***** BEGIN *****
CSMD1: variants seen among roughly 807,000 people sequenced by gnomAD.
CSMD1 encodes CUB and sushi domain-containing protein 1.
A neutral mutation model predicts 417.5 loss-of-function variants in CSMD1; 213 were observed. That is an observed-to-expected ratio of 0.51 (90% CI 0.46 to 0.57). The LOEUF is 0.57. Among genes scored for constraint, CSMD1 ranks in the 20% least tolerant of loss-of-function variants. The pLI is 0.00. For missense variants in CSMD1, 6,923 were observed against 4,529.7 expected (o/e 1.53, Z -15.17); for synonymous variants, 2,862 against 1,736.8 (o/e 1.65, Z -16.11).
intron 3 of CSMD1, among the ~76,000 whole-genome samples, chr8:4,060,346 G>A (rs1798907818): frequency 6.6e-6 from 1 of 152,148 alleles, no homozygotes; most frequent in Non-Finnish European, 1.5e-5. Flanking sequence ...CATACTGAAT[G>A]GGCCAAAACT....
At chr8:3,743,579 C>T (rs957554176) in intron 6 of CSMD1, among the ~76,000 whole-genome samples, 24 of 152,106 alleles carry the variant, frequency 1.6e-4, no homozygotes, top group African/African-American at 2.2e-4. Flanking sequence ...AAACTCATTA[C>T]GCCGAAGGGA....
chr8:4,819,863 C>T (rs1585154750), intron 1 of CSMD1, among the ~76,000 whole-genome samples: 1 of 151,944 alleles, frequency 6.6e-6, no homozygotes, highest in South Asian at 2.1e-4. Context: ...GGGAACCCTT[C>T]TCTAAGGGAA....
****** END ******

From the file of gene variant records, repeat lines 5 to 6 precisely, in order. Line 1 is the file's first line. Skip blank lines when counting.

At chr8:3,743,579 C>T (rs957554176) in intron 6 of CSMD1, among the ~76,000 whole-genome samples, 24 of 152,106 alleles carry the variant, frequency 1.6e-4, no homozygotes, top group African/African-American at 2.2e-4. Flanking sequence ...AAACTCATTA[C>T]GCCGAAGGGA....
chr8:4,819,863 C>T (rs1585154750), intron 1 of CSMD1, among the ~76,000 whole-genome samples: 1 of 151,944 alleles, frequency 6.6e-6, no homozygotes, highest in South Asian at 2.1e-4. Context: ...GGGAACCCTT[C>T]TCTAAGGGAA....